Megan sighed as deeply as Maelstrom had. Giving the evening up as a bad job, she finished her beer and departed in search of her bed.
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Into the Wolf's Den

"Thanks for letting us borrow The Divine Sarah, Zoltan," Simon said, twirling the keys. "I just can't ask these two to cram themselves into my tiny escape pod."

Zoltan waved languidly and smiled. "She doesn't get enough driving, really. Just be careful with her." He peered a little more closely at Megan, who stood stiffly. "You look tired, dear. Still not sleeping well?"

Megan smiled and managed to keep herself from shrugging. "Well, the painkillers the hospital sent me home with work just fine for the ribs and bruises, but the itching is another matter."

Zoltan's finely-groomed eyebrows rose.

"Her back is peeling," Tizemt said. "From the plasma bolt's radiation."

"Let me know if you need moisturizer. I have a vast selection," Zoltan said, adding plaintively, "They never write about how dry undead skin gets."

They retired to the garage, where they exposed The Divine Sarah to the thin light of a drizzly day: an ancient VW bus painted vividly with murals derived from Mucha's art, laced with psychadelic fillers. The interior seats were lushly upholstered in crimson and gold, and the walls were covered with garnet shag carpeting that dated from well before anyone getting into the van was born. The windows had neatly-restrained curtains of the same colors. There was a large futon folded in the back, draped with a comforter.

Simon turned the key and The Divine Sarah roared to life promptly. The trip out of town was uneventful and mostly silent. Megan slipped into a pleasant sort of torpor, staring out at the buildings sliding past.

"Er," said Simon eventually, "there's something I should warn you about."

Megan mustered an interrogatory noise, and Tizemt sat up with interest. "Yes?"

Simon swallowed hard. "Um, well, one of my sisters kind of... went feral for a couple years. Got it into her head that she should, you know, go to Alaska and join a wolf pack and learn to hunt and stuff."

The women stared at him curiously.

"Well, anyway," Simon went on, "she came back and she brought... you see, there are... what I mean is..."

"Cubs?" Megan supplied.

"Yes," Simon said, grimacing. "And they're, um, not very good at interacting with humans. So, if you could just, you know, not really pay attention to anything they say..."

"It'll be all right," Tizemt said. "I like kids. And puppies. This'll be interesting."

Simon made a noncommittal noise and turned down a dirt road. As The Divine Sarah ambled along slowly between tall trees, Megan heard a chorus of high-pitched howls start in the distance. She peered out. A six-pack of gangly wolf cubs were chasing alongside of the van, tongues hanging out in delighted canine grins.

"There they are," Simon said grimly.

"Awh," Tizemt said, peering out the window. "They're so adorable! How old are they?"

"They're almost a year old," Simon said, "chronologically. Mentally, I'd say they're five- or six-year-olds. Superintelligent, y'see."

"AWH!" Tizemt repeated, with more googlyness.

"Oh, god," Simon said, and brought The Divine Sarah to a jouncing halt in a large, open parking area next to a low-slung ranch house. "We're here." He held his hand back over his shoulder, palm up.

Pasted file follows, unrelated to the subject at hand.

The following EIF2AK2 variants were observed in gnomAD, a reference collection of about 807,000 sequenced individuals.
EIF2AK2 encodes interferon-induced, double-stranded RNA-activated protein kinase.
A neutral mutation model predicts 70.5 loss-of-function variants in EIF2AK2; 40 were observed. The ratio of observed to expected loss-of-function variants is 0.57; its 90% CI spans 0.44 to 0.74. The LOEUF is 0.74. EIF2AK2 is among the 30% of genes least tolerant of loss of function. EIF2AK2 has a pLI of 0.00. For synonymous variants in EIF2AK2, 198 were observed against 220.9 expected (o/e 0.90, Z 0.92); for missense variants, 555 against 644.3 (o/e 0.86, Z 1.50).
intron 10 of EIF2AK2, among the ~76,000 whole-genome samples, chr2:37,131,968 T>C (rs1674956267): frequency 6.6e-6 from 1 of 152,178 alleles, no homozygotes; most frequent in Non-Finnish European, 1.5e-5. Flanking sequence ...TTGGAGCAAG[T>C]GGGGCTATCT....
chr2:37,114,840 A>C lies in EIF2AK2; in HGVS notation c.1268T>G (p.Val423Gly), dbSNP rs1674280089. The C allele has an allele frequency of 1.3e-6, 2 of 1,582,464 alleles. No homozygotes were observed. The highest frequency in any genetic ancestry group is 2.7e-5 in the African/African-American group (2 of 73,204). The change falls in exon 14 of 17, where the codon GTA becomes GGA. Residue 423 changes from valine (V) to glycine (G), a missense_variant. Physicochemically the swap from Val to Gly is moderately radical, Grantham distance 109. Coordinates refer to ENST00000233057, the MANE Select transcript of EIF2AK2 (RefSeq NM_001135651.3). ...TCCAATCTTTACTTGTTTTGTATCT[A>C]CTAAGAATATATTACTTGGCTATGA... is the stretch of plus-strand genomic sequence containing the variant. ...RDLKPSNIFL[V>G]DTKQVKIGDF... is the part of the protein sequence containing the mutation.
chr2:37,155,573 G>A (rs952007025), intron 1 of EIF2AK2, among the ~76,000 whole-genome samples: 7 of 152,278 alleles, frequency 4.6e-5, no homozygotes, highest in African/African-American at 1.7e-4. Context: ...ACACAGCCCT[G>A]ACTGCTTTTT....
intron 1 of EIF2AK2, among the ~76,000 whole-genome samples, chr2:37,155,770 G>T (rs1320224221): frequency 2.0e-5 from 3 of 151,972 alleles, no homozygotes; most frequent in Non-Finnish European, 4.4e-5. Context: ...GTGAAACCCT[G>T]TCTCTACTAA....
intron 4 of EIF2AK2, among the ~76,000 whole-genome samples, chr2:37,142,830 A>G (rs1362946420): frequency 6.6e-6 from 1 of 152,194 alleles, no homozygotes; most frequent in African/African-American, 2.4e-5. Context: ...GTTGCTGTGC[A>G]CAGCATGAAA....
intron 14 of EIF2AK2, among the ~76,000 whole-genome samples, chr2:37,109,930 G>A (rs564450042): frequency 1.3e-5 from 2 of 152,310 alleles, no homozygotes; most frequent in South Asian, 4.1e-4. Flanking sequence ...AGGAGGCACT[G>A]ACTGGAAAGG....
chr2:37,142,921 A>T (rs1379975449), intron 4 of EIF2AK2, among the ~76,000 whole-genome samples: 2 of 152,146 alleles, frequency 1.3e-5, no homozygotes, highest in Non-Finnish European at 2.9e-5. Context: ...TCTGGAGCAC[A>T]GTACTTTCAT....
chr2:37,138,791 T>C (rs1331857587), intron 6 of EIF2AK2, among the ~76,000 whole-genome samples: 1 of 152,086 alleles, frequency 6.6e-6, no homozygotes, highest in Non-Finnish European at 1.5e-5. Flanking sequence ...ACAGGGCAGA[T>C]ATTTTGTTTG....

Tizemt tore herself away from the window and placed her ticket to the Fat Lady's show squarely in Simon's hand. "Thank you," she said.

Simon clutched the ticket to his chest, eyes closed, silly smile on his face. "It'll all be worth it," he said, as if reciting a mantra. He made certain that his ticket was tucked away in his wallet, and that his wallet was inaccessible in the inner pocket of his jacket.

They opened the doors carefully, since the wolf pack was capering around the bus with unflagging glee.

"Hey! Hey! Hey! Hey!" one cub said.

"Wow! Wow! Wow!" a second said.

"Auntie!" a third said.

A fourth bit the third sharply on the ear. "Uncle," she said.

"Uncle!" the third said, barely cowed.

"Who's this? Who's this?" a fifth said.

"Mom! Mom! Mom!" said the sixth. "Uncle Simon's here with some really big ladies!"

There was a very real possibility that Simon would disappear under the tide of enthusiastic greetings. Megan wondered if she felt well enough to fish him out before he was trampled.

A great grey wolf emerged from the house via an oversized doggie door. "Uncle Simon doesn't often bring guests," she said.

"Hi, Jasmine," Simon said, surfacing from the wolf tsunami. "These are some friends of mine, Megan and Tizemt."

Jasmine stared at Megan with disquieting intensity. "Are you sick?" she said.

"Just a little injured," Megan said, backing off a step.

"She's taking codeine for cracked ribs and bruises," Simon said, rolling his eyes. "And the other scent is the goo we put on her back for burns."

Jasmine cocked her head. "You're in spandex?"

"God, no!" said Megan.

"She got in the way of the spaceship the other day," Tizemt said. "By accident."

"Jasmine, don't keep them on the doorstep!" a voice called from inside the house.

"Right," Jasmine said.

They passed through a mud room where towels were hung over low rails, a few pairs of adult-sized boots and shoes were lined up against the wall, and large laundry machines took up half the space. The hallway beyond had windows on both sides, connecting the mud room to the house proper, entering it via a sprawling eat-in kitchen. A tall, middle-aged, black woman, hair short and natural, was just pulling off an apron that was covered with spatters of tomato sauce and curry, as well as smears of something resembling engine oil. "Simon! Your call was such a nice surprise!" She moved to hug him.